Commendations & Commencements
A team of investigators and program staff from the NIDDK-funded Randomized Intervention for Children with Vesicoureteral Reflux trial, or RIVUR, were recipients of the Clinical Research Forum’s 2015 Top 10 Clinical Research Achievement Award for its findings “Antimicrobial prophylaxis for children with vesicoureteral reflux” and their role in standardizing pediatric antibiotic use. Recipients of the award are RIVUR trial investigators including Dr. Alejandro Hoberman of Children’s Hospital of Pittsburgh Medical Center, Dr. Saul P. Greenfield of Women and Children's Hospital of Buffalo, Dr. Tej K. Mattoo of Wayne State University School of Medicine, Dr. Ron Keren of Children's Hospital of Philadelphia, Dr. Ranjiv Mathews of Johns Hopkins School of Medicine, Dr. Hans G. Pohl of the Children's National Medical Center, Dr. Bradley P. Kropp of the University of Oklahoma Health Sciences Center, Dr. Steven J. Skoog of Oregon Health and Science University, Dr. Caleb P. Nelson of Boston Children's Hospital, Dr. Marva Moxey-Mims of NIDDK, Dr. Russell W. Chesney of Le Bonheur Children's Hospital and Dr. Myra A. Carpenter of the University of North Carolina at Chapel Hill. Editor’s Notes: An interview with Moxey-Mims is featured in this issue. A memoriam to Dr. Chesney is also in this issue.
Editor’s Note: NIDDK Director Dr. Griffin P. Rodgers was honored as a finalist in the 2015 Samuel J. Heyman Service to America Medals—often called the “Sammies.” This prestigious award is presented annually by the nonprofit, nonpartisan Partnership for Public Service to celebrate excellence in the federal civil service. Awards will be announced this fall, including federal employee of the year.
Dr. Wei Yang, senior investigator in the intramural NIDDK Laboratory of Molecular Biology, was elected to the American Academy of Arts and Sciences. Founded in 1780, the Academy is one of the nation’s most prestigious honorary societies. Current membership includes more than 250 Nobel laureates and more than 60 Pulitzer Prize winners. Editor’s Note: Learn more about Yang in this NIDDK Director’s Update article.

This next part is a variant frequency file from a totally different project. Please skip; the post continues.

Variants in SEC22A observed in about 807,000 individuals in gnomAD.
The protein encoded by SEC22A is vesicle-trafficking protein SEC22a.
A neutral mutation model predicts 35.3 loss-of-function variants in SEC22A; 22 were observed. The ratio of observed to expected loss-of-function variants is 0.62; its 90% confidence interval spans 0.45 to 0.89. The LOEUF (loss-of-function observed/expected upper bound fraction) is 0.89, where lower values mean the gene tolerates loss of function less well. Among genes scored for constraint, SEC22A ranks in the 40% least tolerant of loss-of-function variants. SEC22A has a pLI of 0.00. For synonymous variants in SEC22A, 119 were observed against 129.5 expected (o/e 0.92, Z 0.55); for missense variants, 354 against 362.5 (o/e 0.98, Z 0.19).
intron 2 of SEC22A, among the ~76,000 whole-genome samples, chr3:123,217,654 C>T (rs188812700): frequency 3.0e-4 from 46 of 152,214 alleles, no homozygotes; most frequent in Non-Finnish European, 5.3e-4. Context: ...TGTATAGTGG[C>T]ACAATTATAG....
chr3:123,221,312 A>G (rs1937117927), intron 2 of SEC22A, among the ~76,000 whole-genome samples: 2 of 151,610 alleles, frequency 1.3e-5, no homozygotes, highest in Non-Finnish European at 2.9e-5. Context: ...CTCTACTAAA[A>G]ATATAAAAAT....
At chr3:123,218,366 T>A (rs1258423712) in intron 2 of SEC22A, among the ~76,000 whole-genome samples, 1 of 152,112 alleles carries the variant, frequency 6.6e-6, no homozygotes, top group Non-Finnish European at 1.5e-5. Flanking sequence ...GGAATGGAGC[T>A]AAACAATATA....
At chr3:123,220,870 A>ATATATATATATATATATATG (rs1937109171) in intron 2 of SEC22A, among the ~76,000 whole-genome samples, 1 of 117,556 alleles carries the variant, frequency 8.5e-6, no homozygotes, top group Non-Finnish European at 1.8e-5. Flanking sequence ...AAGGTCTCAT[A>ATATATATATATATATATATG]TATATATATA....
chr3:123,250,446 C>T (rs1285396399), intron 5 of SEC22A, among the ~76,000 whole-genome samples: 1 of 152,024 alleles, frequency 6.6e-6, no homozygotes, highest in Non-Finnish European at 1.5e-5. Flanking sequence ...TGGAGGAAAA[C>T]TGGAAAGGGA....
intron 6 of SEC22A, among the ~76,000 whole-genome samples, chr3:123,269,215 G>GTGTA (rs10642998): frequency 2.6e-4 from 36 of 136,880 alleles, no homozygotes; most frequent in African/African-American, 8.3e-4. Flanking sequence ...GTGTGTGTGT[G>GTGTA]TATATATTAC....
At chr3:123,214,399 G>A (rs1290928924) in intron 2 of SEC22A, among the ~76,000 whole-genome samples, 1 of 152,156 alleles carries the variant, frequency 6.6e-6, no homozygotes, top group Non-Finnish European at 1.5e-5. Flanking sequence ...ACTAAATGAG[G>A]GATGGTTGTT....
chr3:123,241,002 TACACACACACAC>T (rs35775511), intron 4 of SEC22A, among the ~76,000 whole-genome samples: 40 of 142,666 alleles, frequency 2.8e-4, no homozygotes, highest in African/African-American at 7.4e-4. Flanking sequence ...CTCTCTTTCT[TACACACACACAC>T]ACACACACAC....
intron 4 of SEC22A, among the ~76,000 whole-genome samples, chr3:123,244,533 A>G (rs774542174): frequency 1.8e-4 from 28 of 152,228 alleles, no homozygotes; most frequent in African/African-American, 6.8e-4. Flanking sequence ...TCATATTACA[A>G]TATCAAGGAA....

Dr. Astrid D. Haase joined the intramural NIDDK Laboratory of Cell and Molecular Biology as an Earl Stadtman Tenure-Track Investigator in March 2015. Before joining NIDDK, she was a postdoctoral fellow at Cold Spring Harbor Laboratory in New York. Haase’s research focuses on small non-coding RNAs and their function in genome surveillance.
Dr. Mark Donowitz joined the Division of Digestive Diseases and Nutrition subcouncil. He is a professor of medicine, the LeBoff Professor for Research in Digestive Diseases, and Director of Basic Research within the GI Division of the Department of Medicine at Johns Hopkins School of Medicine. Donowitz is a leader in the field of gastroenterological research, specializing in diarrheal diseases. An NIDDK grantee, he is also past president of the American Gastroenterological Association.
Dr. Lee Kaplan joined the Division of Digestive Diseases and Nutrition subcouncil. He is director of the Obesity, Metabolism & Nutrition Institute, founding director of the Weight Center at the Massachusetts General Hospital and associate professor of medicine at Harvard Medical School. Kaplan’s clinical expertise is in obesity medicine, gastroenterology and liver disease. His group has pioneered the development and use of rodent models of weight loss surgery and gastrointestinal devices to explore physiological and molecular mechanisms of gastrointestinal regulation of body weight and metabolic function.